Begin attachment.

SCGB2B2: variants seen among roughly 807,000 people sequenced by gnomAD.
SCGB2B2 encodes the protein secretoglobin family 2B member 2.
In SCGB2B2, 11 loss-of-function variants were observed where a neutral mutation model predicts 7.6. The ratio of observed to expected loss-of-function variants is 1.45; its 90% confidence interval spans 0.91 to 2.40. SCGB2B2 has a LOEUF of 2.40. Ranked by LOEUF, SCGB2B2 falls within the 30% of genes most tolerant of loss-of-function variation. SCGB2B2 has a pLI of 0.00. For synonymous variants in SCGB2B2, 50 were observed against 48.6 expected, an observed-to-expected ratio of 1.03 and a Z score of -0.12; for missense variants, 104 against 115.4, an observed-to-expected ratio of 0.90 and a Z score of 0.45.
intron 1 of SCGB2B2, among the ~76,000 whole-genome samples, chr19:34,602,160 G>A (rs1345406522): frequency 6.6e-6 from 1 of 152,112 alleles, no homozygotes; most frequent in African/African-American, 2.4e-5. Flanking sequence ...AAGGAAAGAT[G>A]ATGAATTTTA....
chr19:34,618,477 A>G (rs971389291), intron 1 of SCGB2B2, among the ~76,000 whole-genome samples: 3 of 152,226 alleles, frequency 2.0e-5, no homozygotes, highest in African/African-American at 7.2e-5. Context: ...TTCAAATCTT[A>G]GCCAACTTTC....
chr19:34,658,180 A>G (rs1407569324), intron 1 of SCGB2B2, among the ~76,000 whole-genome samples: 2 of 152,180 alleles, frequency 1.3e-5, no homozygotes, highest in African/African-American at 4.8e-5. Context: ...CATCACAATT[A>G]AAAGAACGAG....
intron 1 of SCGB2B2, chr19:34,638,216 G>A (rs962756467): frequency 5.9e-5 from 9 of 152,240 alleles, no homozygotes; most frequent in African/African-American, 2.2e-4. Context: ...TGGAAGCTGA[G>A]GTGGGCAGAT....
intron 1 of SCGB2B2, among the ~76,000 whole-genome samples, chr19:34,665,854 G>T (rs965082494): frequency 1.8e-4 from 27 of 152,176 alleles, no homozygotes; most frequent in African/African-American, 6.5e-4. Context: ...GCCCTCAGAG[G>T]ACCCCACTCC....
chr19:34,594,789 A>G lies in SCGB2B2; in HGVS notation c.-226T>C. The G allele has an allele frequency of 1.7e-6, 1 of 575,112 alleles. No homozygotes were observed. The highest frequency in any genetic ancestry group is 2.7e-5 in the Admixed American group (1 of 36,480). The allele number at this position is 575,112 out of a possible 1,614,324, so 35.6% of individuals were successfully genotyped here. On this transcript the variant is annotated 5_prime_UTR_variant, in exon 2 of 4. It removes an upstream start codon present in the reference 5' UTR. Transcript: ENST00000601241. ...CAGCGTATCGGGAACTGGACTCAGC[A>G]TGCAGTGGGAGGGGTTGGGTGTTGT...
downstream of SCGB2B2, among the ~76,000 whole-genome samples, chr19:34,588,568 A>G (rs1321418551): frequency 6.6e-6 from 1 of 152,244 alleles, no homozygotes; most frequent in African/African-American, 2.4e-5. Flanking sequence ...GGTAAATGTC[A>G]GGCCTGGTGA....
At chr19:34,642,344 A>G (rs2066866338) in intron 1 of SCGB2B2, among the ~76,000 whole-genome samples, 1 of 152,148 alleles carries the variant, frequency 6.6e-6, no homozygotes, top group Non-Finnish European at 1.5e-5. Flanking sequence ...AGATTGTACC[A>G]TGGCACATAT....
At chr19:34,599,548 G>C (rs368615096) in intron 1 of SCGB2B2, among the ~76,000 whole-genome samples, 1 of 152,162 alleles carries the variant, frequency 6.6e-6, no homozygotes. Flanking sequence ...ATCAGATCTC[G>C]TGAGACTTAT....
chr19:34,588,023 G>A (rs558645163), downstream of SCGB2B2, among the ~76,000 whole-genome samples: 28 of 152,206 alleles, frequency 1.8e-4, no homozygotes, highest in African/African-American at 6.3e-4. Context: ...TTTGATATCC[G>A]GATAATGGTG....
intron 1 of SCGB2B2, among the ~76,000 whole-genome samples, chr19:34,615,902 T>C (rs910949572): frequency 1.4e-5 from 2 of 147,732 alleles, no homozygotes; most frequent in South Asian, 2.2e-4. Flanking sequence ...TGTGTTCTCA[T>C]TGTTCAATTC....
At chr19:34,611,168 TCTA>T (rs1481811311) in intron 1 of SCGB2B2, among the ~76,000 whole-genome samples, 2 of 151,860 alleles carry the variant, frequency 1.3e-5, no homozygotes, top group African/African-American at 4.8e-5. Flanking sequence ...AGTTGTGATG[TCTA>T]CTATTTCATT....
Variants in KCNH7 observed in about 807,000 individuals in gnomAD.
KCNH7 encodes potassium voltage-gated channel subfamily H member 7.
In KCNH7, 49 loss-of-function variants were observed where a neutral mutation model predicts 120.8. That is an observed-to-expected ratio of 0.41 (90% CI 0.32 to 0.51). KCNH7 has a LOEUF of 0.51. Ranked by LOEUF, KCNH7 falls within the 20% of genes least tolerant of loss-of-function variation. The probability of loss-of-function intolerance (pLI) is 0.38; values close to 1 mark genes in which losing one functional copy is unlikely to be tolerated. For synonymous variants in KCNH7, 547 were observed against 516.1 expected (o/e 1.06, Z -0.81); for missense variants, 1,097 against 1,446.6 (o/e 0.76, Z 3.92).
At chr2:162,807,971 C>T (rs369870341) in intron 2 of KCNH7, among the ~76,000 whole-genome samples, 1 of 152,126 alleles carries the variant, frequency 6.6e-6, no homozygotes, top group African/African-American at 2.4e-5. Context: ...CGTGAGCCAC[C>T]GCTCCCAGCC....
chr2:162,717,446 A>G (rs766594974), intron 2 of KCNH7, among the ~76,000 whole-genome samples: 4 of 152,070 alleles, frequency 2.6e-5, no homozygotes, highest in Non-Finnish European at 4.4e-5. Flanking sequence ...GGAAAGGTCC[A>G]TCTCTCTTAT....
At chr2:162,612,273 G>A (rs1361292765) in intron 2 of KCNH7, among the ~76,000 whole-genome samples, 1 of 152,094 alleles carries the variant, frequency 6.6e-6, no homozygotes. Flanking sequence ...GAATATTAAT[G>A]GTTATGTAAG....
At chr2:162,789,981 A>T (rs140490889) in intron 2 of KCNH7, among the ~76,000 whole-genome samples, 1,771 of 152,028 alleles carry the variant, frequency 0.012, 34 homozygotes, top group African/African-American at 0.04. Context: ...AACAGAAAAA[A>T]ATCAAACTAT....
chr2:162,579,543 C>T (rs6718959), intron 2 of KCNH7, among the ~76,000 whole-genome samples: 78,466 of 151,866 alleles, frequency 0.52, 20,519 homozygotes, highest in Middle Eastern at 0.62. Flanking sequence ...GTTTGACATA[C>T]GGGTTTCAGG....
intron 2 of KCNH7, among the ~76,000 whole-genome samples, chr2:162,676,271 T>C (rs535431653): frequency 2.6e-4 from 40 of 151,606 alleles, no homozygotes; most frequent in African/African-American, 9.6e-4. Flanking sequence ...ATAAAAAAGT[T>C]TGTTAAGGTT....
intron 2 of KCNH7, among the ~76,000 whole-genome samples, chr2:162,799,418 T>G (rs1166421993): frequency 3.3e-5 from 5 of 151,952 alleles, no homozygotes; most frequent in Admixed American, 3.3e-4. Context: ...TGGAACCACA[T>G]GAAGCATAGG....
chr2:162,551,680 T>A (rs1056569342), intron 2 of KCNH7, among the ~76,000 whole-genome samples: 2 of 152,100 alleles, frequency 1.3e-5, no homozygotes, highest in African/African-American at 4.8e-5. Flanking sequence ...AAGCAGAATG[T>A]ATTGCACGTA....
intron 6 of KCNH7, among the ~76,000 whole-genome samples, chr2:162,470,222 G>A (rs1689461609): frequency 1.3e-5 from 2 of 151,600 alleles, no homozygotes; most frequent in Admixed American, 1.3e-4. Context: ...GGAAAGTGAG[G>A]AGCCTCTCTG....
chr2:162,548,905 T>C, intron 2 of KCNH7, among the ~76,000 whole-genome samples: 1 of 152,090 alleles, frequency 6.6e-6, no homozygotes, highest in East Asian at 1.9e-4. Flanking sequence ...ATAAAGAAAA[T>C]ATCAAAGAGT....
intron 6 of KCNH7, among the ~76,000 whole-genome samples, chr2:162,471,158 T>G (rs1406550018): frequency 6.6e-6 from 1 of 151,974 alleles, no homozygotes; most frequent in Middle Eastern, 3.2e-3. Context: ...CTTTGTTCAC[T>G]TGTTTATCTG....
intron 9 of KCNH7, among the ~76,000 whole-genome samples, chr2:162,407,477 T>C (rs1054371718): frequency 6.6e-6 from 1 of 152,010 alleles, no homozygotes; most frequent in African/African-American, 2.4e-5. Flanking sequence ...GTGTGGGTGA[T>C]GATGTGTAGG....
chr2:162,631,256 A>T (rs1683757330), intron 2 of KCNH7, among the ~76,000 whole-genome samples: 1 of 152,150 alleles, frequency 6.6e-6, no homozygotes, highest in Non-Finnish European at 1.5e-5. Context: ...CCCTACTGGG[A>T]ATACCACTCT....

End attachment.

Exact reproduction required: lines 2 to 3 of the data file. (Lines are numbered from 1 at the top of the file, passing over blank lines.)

SCGB2B2 encodes the protein secretoglobin family 2B member 2.
In SCGB2B2, 11 loss-of-function variants were observed where a neutral mutation model predicts 7.6. The ratio of observed to expected loss-of-function variants is 1.45; its 90% confidence interval spans 0.91 to 2.40. SCGB2B2 has a LOEUF of 2.40. Ranked by LOEUF, SCGB2B2 falls within the 30% of genes most tolerant of loss-of-function variation. SCGB2B2 has a pLI of 0.00. For synonymous variants in SCGB2B2, 50 were observed against 48.6 expected, an observed-to-expected ratio of 1.03 and a Z score of -0.12; for missense variants, 104 against 115.4, an observed-to-expected ratio of 0.90 and a Z score of 0.45.